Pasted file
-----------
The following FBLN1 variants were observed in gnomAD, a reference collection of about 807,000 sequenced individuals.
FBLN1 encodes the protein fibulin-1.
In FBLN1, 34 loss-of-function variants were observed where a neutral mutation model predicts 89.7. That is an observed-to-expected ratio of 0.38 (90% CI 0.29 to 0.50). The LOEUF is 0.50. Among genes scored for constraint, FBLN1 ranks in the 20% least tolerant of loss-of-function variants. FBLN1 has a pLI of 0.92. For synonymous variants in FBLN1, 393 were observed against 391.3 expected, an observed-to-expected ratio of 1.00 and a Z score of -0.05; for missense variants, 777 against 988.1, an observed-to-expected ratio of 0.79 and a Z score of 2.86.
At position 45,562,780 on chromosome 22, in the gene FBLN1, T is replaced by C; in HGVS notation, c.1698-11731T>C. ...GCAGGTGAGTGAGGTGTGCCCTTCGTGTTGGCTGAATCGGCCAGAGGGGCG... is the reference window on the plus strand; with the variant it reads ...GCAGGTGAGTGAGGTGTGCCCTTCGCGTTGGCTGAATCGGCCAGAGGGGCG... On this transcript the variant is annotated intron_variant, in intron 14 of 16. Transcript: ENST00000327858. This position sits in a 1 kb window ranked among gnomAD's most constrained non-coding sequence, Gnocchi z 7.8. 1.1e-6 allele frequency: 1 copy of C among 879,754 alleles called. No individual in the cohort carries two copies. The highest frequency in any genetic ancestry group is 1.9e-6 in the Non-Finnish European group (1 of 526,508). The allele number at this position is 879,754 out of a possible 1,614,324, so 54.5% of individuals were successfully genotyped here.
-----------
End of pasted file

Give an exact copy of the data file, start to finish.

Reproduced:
The following FBLN1 variants were observed in gnomAD, a reference collection of about 807,000 sequenced individuals.
FBLN1 encodes the protein fibulin-1.
In FBLN1, 34 loss-of-function variants were observed where a neutral mutation model predicts 89.7. That is an observed-to-expected ratio of 0.38 (90% CI 0.29 to 0.50). The LOEUF is 0.50. Among genes scored for constraint, FBLN1 ranks in the 20% least tolerant of loss-of-function variants. FBLN1 has a pLI of 0.92. For synonymous variants in FBLN1, 393 were observed against 391.3 expected, an observed-to-expected ratio of 1.00 and a Z score of -0.05; for missense variants, 777 against 988.1, an observed-to-expected ratio of 0.79 and a Z score of 2.86.
At position 45,562,780 on chromosome 22, in the gene FBLN1, T is replaced by C; in HGVS notation, c.1698-11731T>C. ...GCAGGTGAGTGAGGTGTGCCCTTCGTGTTGGCTGAATCGGCCAGAGGGGCG... is the reference window on the plus strand; with the variant it reads ...GCAGGTGAGTGAGGTGTGCCCTTCGCGTTGGCTGAATCGGCCAGAGGGGCG... On this transcript the variant is annotated intron_variant, in intron 14 of 16. Transcript: ENST00000327858. This position sits in a 1 kb window ranked among gnomAD's most constrained non-coding sequence, Gnocchi z 7.8. 1.1e-6 allele frequency: 1 copy of C among 879,754 alleles called. No individual in the cohort carries two copies. The highest frequency in any genetic ancestry group is 1.9e-6 in the Non-Finnish European group (1 of 526,508). The allele number at this position is 879,754 out of a possible 1,614,324, so 54.5% of individuals were successfully genotyped here.